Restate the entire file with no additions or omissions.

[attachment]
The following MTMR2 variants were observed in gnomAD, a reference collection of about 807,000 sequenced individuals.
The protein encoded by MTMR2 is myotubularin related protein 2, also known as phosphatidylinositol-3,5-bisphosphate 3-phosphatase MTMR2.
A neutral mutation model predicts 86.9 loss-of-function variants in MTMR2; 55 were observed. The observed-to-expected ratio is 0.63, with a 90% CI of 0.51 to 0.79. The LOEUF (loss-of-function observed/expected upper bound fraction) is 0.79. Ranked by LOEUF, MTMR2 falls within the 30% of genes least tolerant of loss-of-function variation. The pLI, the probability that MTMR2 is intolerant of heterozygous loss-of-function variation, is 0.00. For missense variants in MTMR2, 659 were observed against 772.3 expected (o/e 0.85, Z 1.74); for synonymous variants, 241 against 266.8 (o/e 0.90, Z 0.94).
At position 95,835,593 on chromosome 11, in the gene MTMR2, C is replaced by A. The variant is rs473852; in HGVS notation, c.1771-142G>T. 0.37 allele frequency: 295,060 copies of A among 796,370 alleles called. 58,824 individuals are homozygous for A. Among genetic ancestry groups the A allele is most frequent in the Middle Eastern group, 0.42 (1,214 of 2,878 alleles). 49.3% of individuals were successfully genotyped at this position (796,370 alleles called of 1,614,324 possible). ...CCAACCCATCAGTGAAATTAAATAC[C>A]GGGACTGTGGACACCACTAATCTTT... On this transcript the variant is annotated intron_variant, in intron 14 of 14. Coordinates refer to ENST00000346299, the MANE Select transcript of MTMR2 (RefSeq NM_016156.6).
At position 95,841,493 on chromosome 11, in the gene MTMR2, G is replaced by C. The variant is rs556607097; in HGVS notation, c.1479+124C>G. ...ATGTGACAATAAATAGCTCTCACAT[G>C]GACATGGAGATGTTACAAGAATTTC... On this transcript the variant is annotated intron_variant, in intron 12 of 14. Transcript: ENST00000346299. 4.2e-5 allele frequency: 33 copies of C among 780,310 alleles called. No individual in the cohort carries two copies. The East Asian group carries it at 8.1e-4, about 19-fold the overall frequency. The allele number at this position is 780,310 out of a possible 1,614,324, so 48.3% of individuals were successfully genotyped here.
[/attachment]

The following MTMR2 variants were observed in gnomAD, a reference collection of about 807,000 sequenced individuals.
The protein encoded by MTMR2 is myotubularin related protein 2, also known as phosphatidylinositol-3,5-bisphosphate 3-phosphatase MTMR2.
A neutral mutation model predicts 86.9 loss-of-function variants in MTMR2; 55 were observed. The observed-to-expected ratio is 0.63, with a 90% CI of 0.51 to 0.79. The LOEUF (loss-of-function observed/expected upper bound fraction) is 0.79. Ranked by LOEUF, MTMR2 falls within the 30% of genes least tolerant of loss-of-function variation. The pLI, the probability that MTMR2 is intolerant of heterozygous loss-of-function variation, is 0.00. For missense variants in MTMR2, 659 were observed against 772.3 expected (o/e 0.85, Z 1.74); for synonymous variants, 241 against 266.8 (o/e 0.90, Z 0.94).
At position 95,835,593 on chromosome 11, in the gene MTMR2, C is replaced by A. The variant is rs473852; in HGVS notation, c.1771-142G>T. 0.37 allele frequency: 295,060 copies of A among 796,370 alleles called. 58,824 individuals are homozygous for A. Among genetic ancestry groups the A allele is most frequent in the Middle Eastern group, 0.42 (1,214 of 2,878 alleles). 49.3% of individuals were successfully genotyped at this position (796,370 alleles called of 1,614,324 possible). ...CCAACCCATCAGTGAAATTAAATAC[C>A]GGGACTGTGGACACCACTAATCTTT... On this transcript the variant is annotated intron_variant, in intron 14 of 14. Coordinates refer to ENST00000346299, the MANE Select transcript of MTMR2 (RefSeq NM_016156.6).
At position 95,841,493 on chromosome 11, in the gene MTMR2, G is replaced by C. The variant is rs556607097; in HGVS notation, c.1479+124C>G. ...ATGTGACAATAAATAGCTCTCACAT[G>C]GACATGGAGATGTTACAAGAATTTC... On this transcript the variant is annotated intron_variant, in intron 12 of 14. Transcript: ENST00000346299. 4.2e-5 allele frequency: 33 copies of C among 780,310 alleles called. No individual in the cohort carries two copies. The East Asian group carries it at 8.1e-4, about 19-fold the overall frequency. The allele number at this position is 780,310 out of a possible 1,614,324, so 48.3% of individuals were successfully genotyped here.